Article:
While Apple recorded their best quarter ever, Samsung and Google released the most impressive smartphone to date. Appearing on the Verizon network with LTE radios in the US, as well GSM w/ HSDPA+ radios internationally, the Galaxy Nexus is the most groundbreaking phone available.
The mix of 32GB internal storage, a dual-core TI OMAP processor, Android 4.0, a beautiful 720p 4.65″ screen and high-speed 4G networks make it the phone to measure to. Running the un-distilled version of Google’s Android OS, the Galaxy Nexus has all the first-party support you’d expect from Samsung, and unrivaled support from the Android development community.
The Galaxy Nexus offers great battery life (for a LTE device) and the best user experience Android has had to date. While there is a bit of a learning curve coming from Gingerbread (2.3.x) or Honeycomb (3.x), Android 4.0.x is ready to play. With the right ROM, you can force the “menu” buttons back into play. Android 4.0.x was created to be easier on the average user – but with all the developer support, it can still be a geek powerhouse.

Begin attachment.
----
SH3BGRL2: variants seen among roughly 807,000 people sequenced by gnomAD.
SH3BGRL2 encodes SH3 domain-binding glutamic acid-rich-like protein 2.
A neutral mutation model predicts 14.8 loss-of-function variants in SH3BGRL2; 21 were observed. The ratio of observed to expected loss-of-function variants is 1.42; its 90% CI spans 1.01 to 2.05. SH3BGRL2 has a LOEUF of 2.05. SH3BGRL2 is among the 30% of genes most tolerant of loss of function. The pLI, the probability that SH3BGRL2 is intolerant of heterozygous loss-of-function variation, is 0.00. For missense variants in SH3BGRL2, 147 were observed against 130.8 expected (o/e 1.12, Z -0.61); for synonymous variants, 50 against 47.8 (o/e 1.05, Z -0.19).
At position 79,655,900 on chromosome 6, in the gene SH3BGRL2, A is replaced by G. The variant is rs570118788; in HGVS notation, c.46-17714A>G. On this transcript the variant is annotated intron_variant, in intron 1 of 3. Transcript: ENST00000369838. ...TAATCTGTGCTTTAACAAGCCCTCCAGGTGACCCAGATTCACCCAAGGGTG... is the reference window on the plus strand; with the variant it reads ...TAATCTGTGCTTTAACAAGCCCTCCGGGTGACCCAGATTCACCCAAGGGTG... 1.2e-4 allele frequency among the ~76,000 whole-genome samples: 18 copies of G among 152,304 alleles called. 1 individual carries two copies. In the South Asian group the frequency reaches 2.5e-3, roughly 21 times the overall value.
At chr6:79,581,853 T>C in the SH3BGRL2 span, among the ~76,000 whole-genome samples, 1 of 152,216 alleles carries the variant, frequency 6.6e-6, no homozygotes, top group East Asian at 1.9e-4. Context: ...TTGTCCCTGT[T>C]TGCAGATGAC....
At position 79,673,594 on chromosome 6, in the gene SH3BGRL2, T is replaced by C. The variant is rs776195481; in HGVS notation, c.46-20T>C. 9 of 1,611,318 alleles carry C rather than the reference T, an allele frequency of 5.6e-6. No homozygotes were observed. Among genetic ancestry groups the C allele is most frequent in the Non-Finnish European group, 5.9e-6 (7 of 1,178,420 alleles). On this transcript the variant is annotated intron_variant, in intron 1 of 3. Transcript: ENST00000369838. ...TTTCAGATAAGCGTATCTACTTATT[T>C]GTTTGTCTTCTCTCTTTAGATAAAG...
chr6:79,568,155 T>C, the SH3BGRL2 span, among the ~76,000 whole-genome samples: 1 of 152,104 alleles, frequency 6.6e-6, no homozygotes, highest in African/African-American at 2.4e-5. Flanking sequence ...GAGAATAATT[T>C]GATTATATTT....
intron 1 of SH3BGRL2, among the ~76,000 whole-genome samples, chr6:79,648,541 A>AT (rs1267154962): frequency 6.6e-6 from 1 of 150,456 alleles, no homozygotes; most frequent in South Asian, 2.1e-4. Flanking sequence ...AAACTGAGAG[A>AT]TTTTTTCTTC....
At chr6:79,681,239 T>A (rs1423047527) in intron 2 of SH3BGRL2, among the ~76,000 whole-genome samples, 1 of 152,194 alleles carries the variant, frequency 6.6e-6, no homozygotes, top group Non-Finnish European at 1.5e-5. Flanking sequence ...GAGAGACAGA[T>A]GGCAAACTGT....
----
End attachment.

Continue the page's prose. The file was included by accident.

Developer support is part of what makes the Galaxy Nexus the phone to beat. A quick search of XDA Devlopers or Rootzwikiwill show the preponderance of developers out there supporting the Galaxy Nexus (in both GSM and CDMA/LTE forms).
Application support is coming. Google has been rolling out 2 or 3 updates to their core applications ever week, and the top 3rd party developers are joining the party as well. Many of the best Android applications are already updated with ICS versions in mind – so that they take full advantage of the huge screen and capabilities of the Nexus.
I’ve been using the Android Open Kang Project ROM for over a month now. It’s my favorite ROM available, and gives you a great deal of flexibility and customization. Additionally, the creator, Roman, added some key performance options which increase battery life (and thus the usability of the device).
While Cyanogen Mod 9 is not out yet (the one based on Android 4.0.x), installing it on your device is something every user should consider. Part of the fun of Android is Rooting/ROMing/Theming your phone – getting it to exactly the specifications that make you work and play best. The Rooting process can be intimidating, and there will be some issues, but you’ll learn a lot about your device in the process. While you may lose of your data (most of it is backed up to the cloud), the capabilities gained (battery life, Wi-Fi Tether, full Nandroid backups, etc) will more than outweigh that in the future.
Do you have an Android device, if so, is it rooted, if not, what are you waiting for?
- Amazon drops price of Galaxy Nexus to $100 (inquisitr.com)
- All Hail the Galaxy Nexus (ctovision.com)
- Now that ICS is here, don’t buy an Android that’s not the Galaxy Nexus (bobgourley.com)